Levelling the playing field

Pictured from left to right: Maria Angela Peinado; Hannah, Fred and Shirley Redekop; Maricela Jimenez; and Pierre Shantz. (Photo courtesy of Shirley Redekop)

Viewpoints | By Shirley Redekop | May 03, 2017

The saying goes, “There are two gifts we should give our children: one is roots, the other is wings.” My husband and I encouraged our children to fly and prayed we gave them roots.

One day in a sermon my husband said, “I believe in what Christian Peacemaker Teams [CPT] does, but I also fear one of our sons will join them,” referring to its placing of teams in communities confronted with situations of life-threatening conflict.

Laying it on the line

Artbeat | By Dave Rogalsky | May 03, 2017

Bruxy Cavey is unapologetic about particularism. In his new book, the pastor/author sums up the good news in one word (Jesus), three words (Jesus is Lord) and 30 words (Jesus is God with us, come to show us God’s love, save us from sin, set up God’s kingdom and shut down religion, so that we can share in God’s life).

Particularism—the focus on one way to being right with God, rather than universalism, which would suggest that there are many ways to be right with God—is both this book’s strength and weakness.

Change, I welcome you

Tobi Thiessen
Editorial | By Tobi Thiessen | Apr 19, 2017 | 1 comment

Anxiety about change abounds. It is a natural response to uncertainty, but I tire of reading about it. Newly taking up my role as publisher of this magazine, I would like to be bold and announce, “Change, I welcome you.” I would also like to praise the staff at Canadian Mennonite for taking our new leadership structure in stride, welcoming me in and being open to new ideas and possibilities.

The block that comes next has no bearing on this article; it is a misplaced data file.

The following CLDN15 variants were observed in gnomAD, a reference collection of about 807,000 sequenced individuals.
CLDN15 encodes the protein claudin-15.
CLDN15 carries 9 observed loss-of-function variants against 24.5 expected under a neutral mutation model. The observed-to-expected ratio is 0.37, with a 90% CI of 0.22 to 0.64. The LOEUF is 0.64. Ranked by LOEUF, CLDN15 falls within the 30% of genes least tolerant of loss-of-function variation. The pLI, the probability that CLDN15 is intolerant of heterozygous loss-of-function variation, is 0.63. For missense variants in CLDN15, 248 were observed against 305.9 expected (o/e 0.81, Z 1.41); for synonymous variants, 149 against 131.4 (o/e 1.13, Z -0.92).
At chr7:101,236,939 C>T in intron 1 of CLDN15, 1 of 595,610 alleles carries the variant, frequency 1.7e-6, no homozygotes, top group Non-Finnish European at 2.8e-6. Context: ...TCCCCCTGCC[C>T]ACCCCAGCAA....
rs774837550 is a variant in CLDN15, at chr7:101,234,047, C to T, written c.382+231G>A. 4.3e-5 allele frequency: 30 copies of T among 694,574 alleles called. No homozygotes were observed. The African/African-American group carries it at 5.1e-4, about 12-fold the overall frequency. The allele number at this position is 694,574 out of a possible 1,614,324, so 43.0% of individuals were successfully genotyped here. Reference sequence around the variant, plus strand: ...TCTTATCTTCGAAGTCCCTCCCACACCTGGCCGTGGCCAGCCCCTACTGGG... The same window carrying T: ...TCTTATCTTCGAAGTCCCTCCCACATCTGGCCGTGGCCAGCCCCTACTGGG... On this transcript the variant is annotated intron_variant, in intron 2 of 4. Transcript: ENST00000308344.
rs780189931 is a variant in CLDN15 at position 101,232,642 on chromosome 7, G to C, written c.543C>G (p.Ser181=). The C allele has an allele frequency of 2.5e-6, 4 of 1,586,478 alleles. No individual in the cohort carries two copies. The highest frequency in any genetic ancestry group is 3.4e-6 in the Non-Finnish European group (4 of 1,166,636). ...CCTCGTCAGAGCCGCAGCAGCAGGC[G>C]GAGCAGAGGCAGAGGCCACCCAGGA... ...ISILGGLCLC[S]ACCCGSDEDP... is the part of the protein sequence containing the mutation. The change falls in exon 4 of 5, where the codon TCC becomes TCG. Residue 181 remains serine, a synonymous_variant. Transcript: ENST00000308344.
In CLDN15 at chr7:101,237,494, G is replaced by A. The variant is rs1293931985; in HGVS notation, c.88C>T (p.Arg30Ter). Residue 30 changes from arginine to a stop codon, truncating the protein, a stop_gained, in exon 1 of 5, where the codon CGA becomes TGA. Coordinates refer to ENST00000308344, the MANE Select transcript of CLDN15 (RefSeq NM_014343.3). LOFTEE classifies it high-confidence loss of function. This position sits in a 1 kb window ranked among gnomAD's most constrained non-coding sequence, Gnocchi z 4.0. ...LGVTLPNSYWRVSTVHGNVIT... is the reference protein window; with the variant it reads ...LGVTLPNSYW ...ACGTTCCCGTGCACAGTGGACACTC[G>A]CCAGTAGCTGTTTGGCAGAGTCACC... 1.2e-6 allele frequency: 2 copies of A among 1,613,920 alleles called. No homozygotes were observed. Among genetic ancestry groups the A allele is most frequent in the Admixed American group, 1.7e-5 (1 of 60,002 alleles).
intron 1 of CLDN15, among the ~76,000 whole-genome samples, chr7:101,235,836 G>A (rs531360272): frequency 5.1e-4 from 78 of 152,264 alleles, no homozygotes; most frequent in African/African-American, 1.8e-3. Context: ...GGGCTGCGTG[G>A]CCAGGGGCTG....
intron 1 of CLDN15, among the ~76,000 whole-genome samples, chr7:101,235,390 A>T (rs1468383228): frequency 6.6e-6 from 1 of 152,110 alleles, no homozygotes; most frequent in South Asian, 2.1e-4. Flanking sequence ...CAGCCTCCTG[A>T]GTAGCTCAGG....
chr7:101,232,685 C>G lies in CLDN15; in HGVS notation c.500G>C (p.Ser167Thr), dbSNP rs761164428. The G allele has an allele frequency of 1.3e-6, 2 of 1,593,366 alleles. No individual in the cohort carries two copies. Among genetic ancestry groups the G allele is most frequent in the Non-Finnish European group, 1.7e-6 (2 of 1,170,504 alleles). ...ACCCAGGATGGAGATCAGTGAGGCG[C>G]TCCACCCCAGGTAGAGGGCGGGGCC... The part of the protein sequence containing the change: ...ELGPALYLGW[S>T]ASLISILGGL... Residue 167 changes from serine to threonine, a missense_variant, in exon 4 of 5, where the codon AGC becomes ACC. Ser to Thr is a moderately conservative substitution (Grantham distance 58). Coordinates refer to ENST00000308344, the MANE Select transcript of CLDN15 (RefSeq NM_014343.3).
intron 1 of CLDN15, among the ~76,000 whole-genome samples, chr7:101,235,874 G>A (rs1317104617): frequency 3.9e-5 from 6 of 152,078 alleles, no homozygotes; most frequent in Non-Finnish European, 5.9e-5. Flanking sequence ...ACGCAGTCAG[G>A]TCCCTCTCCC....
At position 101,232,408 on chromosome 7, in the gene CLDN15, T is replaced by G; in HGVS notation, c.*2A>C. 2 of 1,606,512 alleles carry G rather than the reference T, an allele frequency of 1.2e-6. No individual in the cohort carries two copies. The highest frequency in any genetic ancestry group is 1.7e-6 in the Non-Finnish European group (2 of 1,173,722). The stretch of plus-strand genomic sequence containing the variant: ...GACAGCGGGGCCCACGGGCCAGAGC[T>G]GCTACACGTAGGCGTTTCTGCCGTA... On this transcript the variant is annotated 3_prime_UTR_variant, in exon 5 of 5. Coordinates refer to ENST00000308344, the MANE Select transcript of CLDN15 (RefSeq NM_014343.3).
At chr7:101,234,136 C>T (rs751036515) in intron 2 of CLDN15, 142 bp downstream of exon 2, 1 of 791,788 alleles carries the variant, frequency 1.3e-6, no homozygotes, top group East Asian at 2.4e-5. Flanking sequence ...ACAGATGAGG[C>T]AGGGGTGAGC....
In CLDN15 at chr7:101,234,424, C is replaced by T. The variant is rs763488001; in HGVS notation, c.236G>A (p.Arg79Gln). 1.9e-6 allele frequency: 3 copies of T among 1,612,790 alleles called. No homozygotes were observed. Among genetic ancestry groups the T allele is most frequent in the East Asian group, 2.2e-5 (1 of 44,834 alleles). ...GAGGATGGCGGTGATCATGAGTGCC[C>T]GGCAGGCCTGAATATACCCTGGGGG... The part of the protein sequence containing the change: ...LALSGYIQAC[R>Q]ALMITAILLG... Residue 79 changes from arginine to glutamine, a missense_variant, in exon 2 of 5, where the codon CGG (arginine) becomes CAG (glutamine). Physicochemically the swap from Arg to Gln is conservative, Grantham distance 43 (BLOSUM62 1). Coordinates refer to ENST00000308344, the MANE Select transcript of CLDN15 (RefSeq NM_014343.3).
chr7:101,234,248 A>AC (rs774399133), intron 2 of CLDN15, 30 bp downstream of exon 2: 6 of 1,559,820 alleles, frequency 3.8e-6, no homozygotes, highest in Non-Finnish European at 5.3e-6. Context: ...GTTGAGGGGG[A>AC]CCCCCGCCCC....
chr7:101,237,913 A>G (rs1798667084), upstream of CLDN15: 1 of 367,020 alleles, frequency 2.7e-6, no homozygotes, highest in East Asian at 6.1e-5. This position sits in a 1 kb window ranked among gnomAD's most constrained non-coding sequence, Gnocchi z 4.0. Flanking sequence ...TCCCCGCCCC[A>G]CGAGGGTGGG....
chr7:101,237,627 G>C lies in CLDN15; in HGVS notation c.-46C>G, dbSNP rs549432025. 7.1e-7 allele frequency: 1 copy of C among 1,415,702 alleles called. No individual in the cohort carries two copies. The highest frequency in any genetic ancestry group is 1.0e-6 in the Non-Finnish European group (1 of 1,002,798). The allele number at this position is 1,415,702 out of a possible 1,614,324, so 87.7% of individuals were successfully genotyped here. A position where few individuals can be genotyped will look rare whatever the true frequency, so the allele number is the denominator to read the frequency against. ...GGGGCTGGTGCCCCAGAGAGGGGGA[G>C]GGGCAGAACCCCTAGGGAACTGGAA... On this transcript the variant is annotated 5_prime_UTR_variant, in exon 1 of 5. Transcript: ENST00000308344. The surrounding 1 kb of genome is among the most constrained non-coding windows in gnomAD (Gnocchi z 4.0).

Readers write: April 24, 2017 issue

Viewpoints | Apr 19, 2017 | 1 comment

‘Apocalyptic threshold’ is more than a few degrees

Re: “Are we living in the last millennium?” Dec. 12, 2016, page 8,

Phil Wagler’s column is a reminder that apocalyptic predictions are still out there after a history of more than 2,500 years. Sadly for the would-be prophets, to date every one of them has been dead wrong.  

A church in transition

Willard Metzger
Viewpoints | By Willard Metzger | Apr 19, 2017

The times we live in seem to change more rapidly with each passing day. In North America, Europe and elsewhere, protectionist sentiments, growing nationalism and increased border controls are becoming commonplace.

Party with piecaken

The dessert is called a ‘piecaken,’ simply meaning a pie baked into a cake.

Viewpoints | By Melissa Miller | Apr 19, 2017

“This isn’t really working out the way I imagined,” I mused, as my mother slept in her chair while I worked on her birthday dessert. I had just ended a phone call with my son, my consultant on the somewhat complicated-to-assemble treat. He was a relative expert, having made two of them compared to my none. I had imagined that my mother, no slouch in the bakery department, would be at my side adding her helpful advice to the process. But a long morning trip to Walmart (her request) had sapped her energy, so she snoozed quietly as I soaked up advice and fortitude from my son.